Investing with a conscious by allocating investment dollars to or away from businesses based on ethical, social, sustainability, or other factors has become increasingly popular over the last decade. Assets pursuing various flavors of these strategies are measured in the trillions of dollars and index providers have been busy manufacturing products for this cause.
A significant amount of research has been devoted to determining how these practices impact investment performance. In other words, does investing with a conscious impose a cost on investors via dampened performance or does karma end up rewarding them with better returns? Thus far, the findings on potential costs appear mixed. Notwithstanding, we believe there is a more important concern to be addressed: Do these conscientious investment policies sensibly target their intended purpose?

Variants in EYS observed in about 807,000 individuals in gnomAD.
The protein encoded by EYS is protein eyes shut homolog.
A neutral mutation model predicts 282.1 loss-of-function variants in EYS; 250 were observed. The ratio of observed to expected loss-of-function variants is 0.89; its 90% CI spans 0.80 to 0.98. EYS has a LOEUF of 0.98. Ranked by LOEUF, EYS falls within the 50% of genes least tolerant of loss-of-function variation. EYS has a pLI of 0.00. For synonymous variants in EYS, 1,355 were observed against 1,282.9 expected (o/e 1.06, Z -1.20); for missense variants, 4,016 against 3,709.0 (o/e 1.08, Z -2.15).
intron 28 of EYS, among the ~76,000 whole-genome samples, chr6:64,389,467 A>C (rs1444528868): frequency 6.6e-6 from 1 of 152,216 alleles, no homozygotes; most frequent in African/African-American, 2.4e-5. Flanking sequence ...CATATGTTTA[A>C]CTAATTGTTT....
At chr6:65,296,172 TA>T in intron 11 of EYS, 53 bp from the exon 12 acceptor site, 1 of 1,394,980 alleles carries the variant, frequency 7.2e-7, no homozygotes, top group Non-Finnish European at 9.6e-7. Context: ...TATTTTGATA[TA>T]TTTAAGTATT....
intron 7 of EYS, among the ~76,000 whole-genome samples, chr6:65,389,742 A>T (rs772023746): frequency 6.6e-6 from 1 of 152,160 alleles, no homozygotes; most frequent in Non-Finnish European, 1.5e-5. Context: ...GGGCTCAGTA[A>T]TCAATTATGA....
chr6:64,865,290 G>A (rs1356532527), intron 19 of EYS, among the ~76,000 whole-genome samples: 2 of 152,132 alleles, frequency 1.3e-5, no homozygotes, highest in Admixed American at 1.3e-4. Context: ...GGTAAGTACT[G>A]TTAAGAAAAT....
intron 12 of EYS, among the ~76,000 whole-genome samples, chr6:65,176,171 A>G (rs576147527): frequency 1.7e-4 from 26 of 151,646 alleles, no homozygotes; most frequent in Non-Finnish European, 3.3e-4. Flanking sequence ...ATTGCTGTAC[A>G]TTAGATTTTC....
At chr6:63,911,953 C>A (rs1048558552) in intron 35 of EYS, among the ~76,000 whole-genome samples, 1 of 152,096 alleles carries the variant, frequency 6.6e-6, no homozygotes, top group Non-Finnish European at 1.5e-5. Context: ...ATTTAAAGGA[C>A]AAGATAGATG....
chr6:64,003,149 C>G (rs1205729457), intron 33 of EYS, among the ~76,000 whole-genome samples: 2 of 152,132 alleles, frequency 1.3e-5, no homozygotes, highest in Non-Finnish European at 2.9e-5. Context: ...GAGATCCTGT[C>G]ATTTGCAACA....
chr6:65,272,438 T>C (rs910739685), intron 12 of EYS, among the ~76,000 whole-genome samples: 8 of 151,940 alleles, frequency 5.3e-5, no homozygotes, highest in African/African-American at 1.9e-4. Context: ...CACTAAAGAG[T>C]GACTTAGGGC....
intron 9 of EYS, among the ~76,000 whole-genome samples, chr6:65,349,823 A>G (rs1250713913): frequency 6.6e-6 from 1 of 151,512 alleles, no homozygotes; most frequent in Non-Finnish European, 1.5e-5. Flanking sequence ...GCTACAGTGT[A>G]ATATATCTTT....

Unfortunately, I believe the answer is no. Leveraging one’s investment weight to vote for or against various corporate practices is a flawed strategy. In fact, this approach may actually foster precisely the opposite of what is actually intended. This article discusses a specific problem with these strategies and suggests one simple methodology to address it.